We were off to Prudhoe Bay by 8 am and the weather started out nice but as we went north it started to cloud over. The Dalton Hwy which is gravel started out being a good road with some pot holes but mostly quite good as gravel roads go in the north country. We stopped at the Arctic Circle Trading Post which I would recommend as they are nice folks and the prices are decent and they have free coffee and tea. We bought sweat shirts and found out they issue Arctic Circle certificates to those coming back for there. We then headed north and to our surprise there were about 20 miles of oil south of the Arctic Circle but the last 25 miles is road construction and the road was bad being muddy as it was now raining and it was very rough. It was about 25 mph and we took a lot of rock peppering from trucks but none cracked the windshield. At the Arctic Circle we notice we had a tire about half flat and it was muddy from the rain and there were plenty of mosquitoes so it was not fun but it was better there in the parking area than out on the rode and for the moment it was not raining much. We then headed north for Cold Foot and found that was about 20 miles on oil which was again a complete surprise so all told we got about 50 miles of oil but that was it! At Cold Foot we got the tire fixed for $25.00 and found it had a self penitrating type screw in it. He suggested carrying about 50# in the tires. He said they took the rocks better if they had more flex.
The road was worse north of Cold Foot but as we got into the Brooks Mountain Range the scenery was fantastic with large montains, trees, lots of color on the rocks and tundra like plant life. Soon we seen our last spruce tree and the mountains were rock and tundra plant life. The rocks had lots of colors as well. It was the first day of hunting season so people were camped all along the road on pull outs. Eventually we got high enough we started seeing some snow patches. The pipe line is right along the road a lot of time. A few times it is just a few feet away. About half the time it is buried and what really surprised me was that for a long ways it is buried right in the river gravel and in one place the water was running over where the pipe was buried!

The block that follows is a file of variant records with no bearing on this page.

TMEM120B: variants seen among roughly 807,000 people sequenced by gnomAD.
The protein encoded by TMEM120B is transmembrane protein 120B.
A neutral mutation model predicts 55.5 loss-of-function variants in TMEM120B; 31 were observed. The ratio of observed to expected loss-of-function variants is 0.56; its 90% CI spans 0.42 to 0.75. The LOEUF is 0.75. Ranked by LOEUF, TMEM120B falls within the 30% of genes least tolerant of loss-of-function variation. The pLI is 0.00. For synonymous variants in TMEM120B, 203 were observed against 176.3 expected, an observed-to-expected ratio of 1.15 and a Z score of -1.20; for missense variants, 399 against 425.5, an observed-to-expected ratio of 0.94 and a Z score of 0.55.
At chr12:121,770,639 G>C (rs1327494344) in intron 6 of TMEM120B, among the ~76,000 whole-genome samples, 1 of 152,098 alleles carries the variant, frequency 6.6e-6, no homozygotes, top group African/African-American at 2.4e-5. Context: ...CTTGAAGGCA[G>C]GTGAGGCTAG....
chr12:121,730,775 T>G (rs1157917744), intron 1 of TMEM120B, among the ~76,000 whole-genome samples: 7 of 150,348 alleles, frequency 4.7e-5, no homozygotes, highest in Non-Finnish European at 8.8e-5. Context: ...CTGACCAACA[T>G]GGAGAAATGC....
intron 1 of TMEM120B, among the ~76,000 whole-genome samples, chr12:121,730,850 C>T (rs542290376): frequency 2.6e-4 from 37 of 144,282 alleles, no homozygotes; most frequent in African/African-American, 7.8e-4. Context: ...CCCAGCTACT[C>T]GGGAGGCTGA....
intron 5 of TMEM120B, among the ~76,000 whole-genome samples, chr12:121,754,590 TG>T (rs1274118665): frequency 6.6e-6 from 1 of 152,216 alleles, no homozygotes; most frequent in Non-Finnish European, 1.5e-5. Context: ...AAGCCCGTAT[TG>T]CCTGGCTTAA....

We went over the Atwan pass and the rain and cloudy spoiled the view so we were thankful we seen most of the Brooks and the prettiest parts very clearly with partly cloudy and good sunlight. We came down of the Brooks range and got into some rolling hills and definitely getting into the Tundra. At Oil Spill Hill we had supper. The Mosquitoes were quite bad so we put on the bug gear. At Happy Valley we hit construction and it had and was raining. The road was horrible. All kinds of rocks like a creek bed and very soft and muddy. I was concerned about getting stuck was how bad it was. One just could not believe the beating the tires were taking even driving 5-15 mph most of the way.in the construction area so we made very, very slow time., The last 50 miles is pretty good and one can go 40 or 50 mph which is just flying after have a couple of hundred miles were it is hard to avery 25 mph. We saw Franklin Bluffs which were not very high off to the east and to the west some Pingos which are hills formed by underground lake frost heaves in the tundra. The permfrost goes down about 2000 feet in this area and it is very flat as one approaches the Arctic Ocean and Prudhoe Bay. It looks very wet as water is standing all over and we seen lots of waterfowl but really it is the arctic desert but being cool the water does not evaporate and because of the permafrost can not get away. They have about 20 inches of precipitation a year but only 5 inches as rain and the rest as snow. As you can tell it really does not snow that much because it is so cold. It is typically about 35 below but often gets to -80 degrees F. so it is very cold. Most of the oil field work takes place in the winter as they can go anyplace on the ice and snow and not hurt the enviroment and do it very cheaply in comparison to building roads.
Day 62 August 11 Saturday